How to Grow Echium – Pride of Madeira

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Echium — commonly called Pride of Madeira — is a genus of showy perennials and biennials native to the Mediterranean. They bear panicles of bell-shaped flowers in shades of blue, lavender, purple, rose, or white. Where not hardy Echium can be grown as annual. Echiums are colorful additions to annual, mixed, or herbaceous borders. They can also be grown in containers.

Two members of the Echium genus are often grown in gardens. Echium candicans–commonly called Pride of Madeira–is a woody-based biennial that bears dense cylindrical panicles to 12 inches (30cm) long of narrowly funnel-shaped white or bluish flowers from spring to summer. It grows 5 to 8 feet tall (1.5-2.5m). Echium vulgare–commonly called viper’s bugloss–grows just 12 to 18 inches (30-45cm) tall and bears bell-shaped flowers in shades of blue, lavender, purple, rose, or white; the flowers are just a half-inch across.

Echiums can be set in the garden or seeds sown as soon as the danger of frost is past. They will begin flowering as early as three months after sowing. In frost-free regions, seeds can be sown outdoors in the fall as well as in the spring. Fall-sown seeds will blossom at least a month earlier than those started in the spring.

Get to know Echium

  • Plant type: Pernnials, biennials, annuals
  • Growing zones and range: Zones 3-11 depending on the variety
  • Hardiness: Hardy to Zone 9
  • Height and width: Varies with species from 12 inches (60cm) to 8 feet (2.5m) tall
  • Foliage: Bristly-hairy usually stalkless leaves
  • Flowers: Panicles or spikeds of roughly funnel-shaped, sometimes bell-shaped flowers
  • Flower colors: Blue, purple, yellow, white or red — see varieties
  • Bloom time: Summer
  • Uses: Mixed herbaceous border, containers
  • Common name: Pride of Madeira
  • Botanical name: Echium
  • Family name: Boraginaceae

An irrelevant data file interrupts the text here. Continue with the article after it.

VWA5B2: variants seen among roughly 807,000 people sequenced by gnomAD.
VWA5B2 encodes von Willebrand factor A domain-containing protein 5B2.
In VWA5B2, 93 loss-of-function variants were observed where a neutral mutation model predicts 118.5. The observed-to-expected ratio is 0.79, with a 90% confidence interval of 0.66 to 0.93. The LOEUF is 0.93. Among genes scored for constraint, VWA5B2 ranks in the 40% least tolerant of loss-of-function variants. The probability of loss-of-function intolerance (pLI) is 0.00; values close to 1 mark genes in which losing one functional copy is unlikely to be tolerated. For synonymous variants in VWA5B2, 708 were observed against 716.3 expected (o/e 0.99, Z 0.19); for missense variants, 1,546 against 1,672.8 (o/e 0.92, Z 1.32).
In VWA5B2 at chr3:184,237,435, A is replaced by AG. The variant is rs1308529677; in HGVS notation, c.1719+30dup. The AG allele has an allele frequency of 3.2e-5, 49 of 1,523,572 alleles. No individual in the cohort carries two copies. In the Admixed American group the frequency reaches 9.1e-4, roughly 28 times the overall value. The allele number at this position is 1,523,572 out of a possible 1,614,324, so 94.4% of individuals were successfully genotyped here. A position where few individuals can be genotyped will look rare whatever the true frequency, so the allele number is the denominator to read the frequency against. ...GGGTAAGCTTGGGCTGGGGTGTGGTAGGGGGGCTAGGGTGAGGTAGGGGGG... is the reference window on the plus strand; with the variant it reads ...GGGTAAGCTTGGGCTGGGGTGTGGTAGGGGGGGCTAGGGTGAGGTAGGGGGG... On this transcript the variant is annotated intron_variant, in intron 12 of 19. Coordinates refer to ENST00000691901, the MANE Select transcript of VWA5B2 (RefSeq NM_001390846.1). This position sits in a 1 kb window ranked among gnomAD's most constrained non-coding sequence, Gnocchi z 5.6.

• Origin: Canary Islands, Mediterranean
Echium vulgare, viper's bugloss, growing alongside chamomile
Echium vulgare, viper’s bugloss, growing alongside chamomile

Where to plant Echium

  • Grow Echium in full sun.
  • Grow Echium in moderately fertile, well-drained soil. Soil too rich will discourage flower formation.

When to plant Echium

  • Set container-grown perennial Echium in the garden in spring or autumn.

Planting and spacing Echium

  • Space Echium according to species, from 12 inches (30cm) to 5 feet (1.5m) apart.

How to water and feed Echium

  • Water Echium to keep the soil just moist. Water sparingly in winter.
  • Echium will benefit from a very low or mild all-purpose fertilizer such as 5-5-5 in spring

Echium care

  • Where Echium is marginally hardy, protect perennial species in the garden with horticultural fleece in winter.
  • All parts of Echium may cause mild stomach upset if ingested; contact with foliage may irritate skin.

Echium pests and diseases

  • Slugs may attack young growth.

Echium propagation

  • Sow seed of perennial and biennial species at 55° to 61°F (13°-16°C) in summer; overwinter seedlings at 41°-45°F (5°-7°C).
  • Sow seed of annuals in the garden in sprig.
  • Root semi-ripe cutting fo shrubby perennials in midsummer.

Echium varieties to grow

  • Echium candicans, syn E. fastusoum, Pride of Madeira. Open, rounded, woody-base biennial with lance-shaped leaves; grows 5 to 8 feet tall; bears dense cylindrical panilces to 12 inches long of narrowly funnel-shaped white or bluish white flowers. Hardy to Zone 9.
  • E. plantagineum. Upright annual or biennial grows to 24 inches tall and half as wide; lance-shaped leaves; bears cylindrical panicles to 12 inches long of funnel-shaped red to blue-purple flwoers. Hardy to Zone 10.
  • E. vulgare, blueweed, viper’s bugloss. Bushy, upright, bristly biennial; grows 24 to 36 inches tall; narrow lance-shaped leaves; dense spikes 12 inches long of broadly bell-shaped flowers; can be grown as an annual border flower. Hardy to Zones 3-8.

Written by Stephen Albert

Stephen Albert is a horticulturist, master gardener, and certified nurseryman who has taught at the University of California for more than 25 years. He holds graduate degrees from the University of California and the University of Iowa. His books include Vegetable Garden Grower’s Guide, Vegetable Garden Almanac & Planner, Tomato Grower’s Answer Book, and Kitchen Garden Grower’s Guide. His Vegetable Garden Grower’s Masterclass is available online. has more than 10 million visitors each year.

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